Facebook Stock is Undervalued (or is it?)

Someone asked me to take a look at Facebook’s stock this evening, so I took a page from Aswath Damordaran’s valuations class and did a quick equity analysis, borrowing a number of his assumptions. You can download my worksheet here (Dropbox Link).

My analysis generated an implied market cap of about $48 Bn.  The stock closed today with a market cap of $41 Bn. implying that the stock is slightly undervalued by the public markets.

So is it?

I’ll let you decide, but regardless it’s a very risky stock and the future for the company is hazy due to the nature of its business (online and mobile advertising) and the newness of the media (social). The same factors that make it a game-changer generate significant risk.  To me, doing a 10-year discounted cash flow analysis on Facebook is like trying to guess what cars will look like in 50 years,  you might have an idea but so many things can happen between now and then there’s really no telling.  With that being said, it’s helpful to ground the speculation with revenue and margin estimates. A few big questions to ask related to this:

  • Is the team going to figure out mobile advertising?  Effective CPM rates on mobile (the price to advertise)  are significantly lower than desktop
  • Is corporate management and communication going to level expectations with the public markets?  The ‘story’ has much to do with tech valuations.
  • Will users get bored and go elsewhere?

I’d love any comments on the approach, or any thoughts on Facebook’s stock value.

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6 thoughts on “Facebook Stock is Undervalued (or is it?)

    • I think sustainable cash flow and capatil growth are very important aspect of real estate investment. Interesting point, you have stated here about this topic. I very much appreciate your knowledge expressed through your article.

    • Thanks for the great question Jane. The best way of working out the appropriate scale is to sketch it out in advance of painting it in. I also like to imagine the size of trees or buildings as if a person was standing next to them. If one is in front of the other, a one point perspective comparison can be applied. Just ask yourself, while drawing in the objects, how tall would I be if I walked back and stood next to them? Also, be sure to look at the whole painting, not just the area where the building will be. Step back from the painting, this can greatly help in determining if the proportion and scale are working. Hope this helps a little. Richard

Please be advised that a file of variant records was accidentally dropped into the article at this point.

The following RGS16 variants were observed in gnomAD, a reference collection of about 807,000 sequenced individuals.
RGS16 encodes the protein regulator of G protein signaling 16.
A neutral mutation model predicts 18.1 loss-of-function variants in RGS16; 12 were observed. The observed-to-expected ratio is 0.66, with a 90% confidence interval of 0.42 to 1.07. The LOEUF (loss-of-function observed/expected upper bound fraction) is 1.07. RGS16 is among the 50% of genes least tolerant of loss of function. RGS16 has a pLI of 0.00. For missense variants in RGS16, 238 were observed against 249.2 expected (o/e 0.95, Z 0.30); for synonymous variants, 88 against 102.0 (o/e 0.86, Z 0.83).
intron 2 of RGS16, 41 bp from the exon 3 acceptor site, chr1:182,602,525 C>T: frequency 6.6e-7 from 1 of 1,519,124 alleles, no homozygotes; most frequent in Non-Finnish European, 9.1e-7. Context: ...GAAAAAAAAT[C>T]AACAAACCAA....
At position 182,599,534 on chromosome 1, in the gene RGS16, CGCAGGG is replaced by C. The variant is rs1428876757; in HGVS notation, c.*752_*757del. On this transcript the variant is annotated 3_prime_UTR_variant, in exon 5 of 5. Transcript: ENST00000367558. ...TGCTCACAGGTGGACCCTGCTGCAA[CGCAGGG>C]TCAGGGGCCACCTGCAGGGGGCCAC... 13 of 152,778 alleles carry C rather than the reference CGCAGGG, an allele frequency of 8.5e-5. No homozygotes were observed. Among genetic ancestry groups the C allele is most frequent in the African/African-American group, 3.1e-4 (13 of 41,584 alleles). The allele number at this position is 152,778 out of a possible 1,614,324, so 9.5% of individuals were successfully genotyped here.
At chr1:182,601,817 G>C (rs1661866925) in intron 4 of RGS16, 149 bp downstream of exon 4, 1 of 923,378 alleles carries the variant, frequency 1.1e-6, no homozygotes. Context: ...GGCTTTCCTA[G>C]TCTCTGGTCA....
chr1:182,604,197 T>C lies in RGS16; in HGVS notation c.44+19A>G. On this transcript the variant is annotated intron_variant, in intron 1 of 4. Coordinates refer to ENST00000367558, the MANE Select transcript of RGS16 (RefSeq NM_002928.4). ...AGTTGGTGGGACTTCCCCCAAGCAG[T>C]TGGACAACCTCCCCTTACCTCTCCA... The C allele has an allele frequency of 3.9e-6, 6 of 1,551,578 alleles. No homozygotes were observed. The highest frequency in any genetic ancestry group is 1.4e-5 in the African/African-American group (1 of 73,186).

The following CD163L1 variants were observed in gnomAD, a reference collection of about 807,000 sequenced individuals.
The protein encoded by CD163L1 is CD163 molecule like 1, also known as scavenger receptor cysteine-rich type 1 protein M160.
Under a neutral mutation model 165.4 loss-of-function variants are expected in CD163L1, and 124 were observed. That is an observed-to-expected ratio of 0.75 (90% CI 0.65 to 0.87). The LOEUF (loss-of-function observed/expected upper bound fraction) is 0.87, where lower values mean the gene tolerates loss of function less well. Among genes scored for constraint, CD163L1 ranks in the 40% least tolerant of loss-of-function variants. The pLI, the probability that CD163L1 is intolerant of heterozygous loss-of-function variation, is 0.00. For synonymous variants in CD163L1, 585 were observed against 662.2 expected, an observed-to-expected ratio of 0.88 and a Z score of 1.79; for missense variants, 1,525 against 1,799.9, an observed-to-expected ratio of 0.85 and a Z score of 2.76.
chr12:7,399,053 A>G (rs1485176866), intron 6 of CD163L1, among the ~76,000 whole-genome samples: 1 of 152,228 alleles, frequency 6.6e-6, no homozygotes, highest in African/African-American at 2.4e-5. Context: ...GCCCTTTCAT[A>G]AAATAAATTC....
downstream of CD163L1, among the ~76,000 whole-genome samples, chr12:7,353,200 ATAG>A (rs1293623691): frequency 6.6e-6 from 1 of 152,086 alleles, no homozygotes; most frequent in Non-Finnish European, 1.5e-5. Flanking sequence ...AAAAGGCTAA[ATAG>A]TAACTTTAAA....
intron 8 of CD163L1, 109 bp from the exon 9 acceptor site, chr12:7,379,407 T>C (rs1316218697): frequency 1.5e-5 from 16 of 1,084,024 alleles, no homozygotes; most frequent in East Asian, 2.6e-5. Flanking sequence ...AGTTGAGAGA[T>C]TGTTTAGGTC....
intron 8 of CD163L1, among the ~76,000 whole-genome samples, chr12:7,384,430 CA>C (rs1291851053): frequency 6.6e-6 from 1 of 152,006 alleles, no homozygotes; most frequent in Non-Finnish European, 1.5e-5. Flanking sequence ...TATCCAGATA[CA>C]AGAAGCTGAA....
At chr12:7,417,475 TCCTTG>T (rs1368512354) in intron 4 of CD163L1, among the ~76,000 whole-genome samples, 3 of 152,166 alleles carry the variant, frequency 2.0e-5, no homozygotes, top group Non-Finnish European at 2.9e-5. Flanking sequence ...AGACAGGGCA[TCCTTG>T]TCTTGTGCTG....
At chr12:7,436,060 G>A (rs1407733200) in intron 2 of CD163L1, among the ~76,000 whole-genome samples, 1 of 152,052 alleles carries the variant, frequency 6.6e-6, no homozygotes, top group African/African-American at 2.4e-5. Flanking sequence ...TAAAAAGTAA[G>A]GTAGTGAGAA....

1. I had a rather hard time choisong just one type of physician I would want to work for. So many of them fascinate me, and with me not really going into any medical field other than support, I never gave this any thought in the past. After reading the list, I am more favorable of working for a neonatologist. It is difficult to think about how neonatologist physicians sometimes have the most difficult job in the world, but I can only imagine how amazing it would be to be a part of saving a baby’s life. I had a coworker once whose baby was born at 36 weeks, and her baby had a lot of heart and lung problems. There were concerns about whether or not they would ever fully develop once she had him, but after many months in the NICU, and many scares that happened during it, the doctors were able to save him and he is now a very healthy 5 year old. It is because of that I have a higher interest in the neonatologist field.I hate to say which type of physician I would care less to work for, and it is because I worry that many will take it the wrong way. When I was 16, I used to help my mom at an assisted living home as a caregiver. We would get to work at 7:00 A.M. every morning to prepare breakfast for four of the elderly men and women that we were caring for. We would then make sure that all bedding was changed, rooms were cleaned, meals were prepared, and appointments were handled. We worked 12 hour days, and they were always grueling. The owner of the home made sure that everyone had their medicine and made it to their doctor appointments on time. However, she was more worried about getting paid for her services than actually helping the elderly. She would yell at them if they did something wrong, and even call them terrible names. My mom reported her and we both quit our job, but it has always left a sting in my heart since then. It is because of my experience with that situation that I do not think I could ever work for a gerontologist. I know that the situations would be much different, but ever since my experience with caring for elderly individuals it is very hard for me to think about assisting a physician in geriatrics because I worry that someone else might treat the elderly in the same way the owner of the home did. I am a firm believer that the elderly deserve the ultimate care and comfort when going through any treatment and aging in general, but I do not think I could ever work in that environment again.

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